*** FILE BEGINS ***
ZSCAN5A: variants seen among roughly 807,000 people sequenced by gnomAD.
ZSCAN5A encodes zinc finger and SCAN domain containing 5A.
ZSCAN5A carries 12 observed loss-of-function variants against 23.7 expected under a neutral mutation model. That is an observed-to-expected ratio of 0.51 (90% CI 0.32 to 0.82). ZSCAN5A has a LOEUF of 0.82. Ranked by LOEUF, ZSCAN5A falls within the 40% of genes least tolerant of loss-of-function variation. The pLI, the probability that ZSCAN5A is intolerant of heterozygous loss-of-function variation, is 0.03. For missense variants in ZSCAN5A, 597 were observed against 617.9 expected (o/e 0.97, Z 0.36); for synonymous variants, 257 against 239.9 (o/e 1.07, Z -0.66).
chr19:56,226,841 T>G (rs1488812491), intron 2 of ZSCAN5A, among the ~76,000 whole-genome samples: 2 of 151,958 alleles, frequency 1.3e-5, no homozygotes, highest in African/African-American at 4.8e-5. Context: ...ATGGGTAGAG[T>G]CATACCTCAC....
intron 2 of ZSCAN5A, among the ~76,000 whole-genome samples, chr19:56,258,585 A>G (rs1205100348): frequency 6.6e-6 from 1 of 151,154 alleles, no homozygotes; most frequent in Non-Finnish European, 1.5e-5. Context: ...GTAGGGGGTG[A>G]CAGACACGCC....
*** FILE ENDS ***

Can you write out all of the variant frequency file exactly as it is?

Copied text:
ZSCAN5A: variants seen among roughly 807,000 people sequenced by gnomAD.
ZSCAN5A encodes zinc finger and SCAN domain containing 5A.
ZSCAN5A carries 12 observed loss-of-function variants against 23.7 expected under a neutral mutation model. That is an observed-to-expected ratio of 0.51 (90% CI 0.32 to 0.82). ZSCAN5A has a LOEUF of 0.82. Ranked by LOEUF, ZSCAN5A falls within the 40% of genes least tolerant of loss-of-function variation. The pLI, the probability that ZSCAN5A is intolerant of heterozygous loss-of-function variation, is 0.03. For missense variants in ZSCAN5A, 597 were observed against 617.9 expected (o/e 0.97, Z 0.36); for synonymous variants, 257 against 239.9 (o/e 1.07, Z -0.66).
chr19:56,226,841 T>G (rs1488812491), intron 2 of ZSCAN5A, among the ~76,000 whole-genome samples: 2 of 151,958 alleles, frequency 1.3e-5, no homozygotes, highest in African/African-American at 4.8e-5. Context: ...ATGGGTAGAG[T>G]CATACCTCAC....
intron 2 of ZSCAN5A, among the ~76,000 whole-genome samples, chr19:56,258,585 A>G (rs1205100348): frequency 6.6e-6 from 1 of 151,154 alleles, no homozygotes; most frequent in Non-Finnish European, 1.5e-5. Context: ...GTAGGGGGTG[A>G]CAGACACGCC....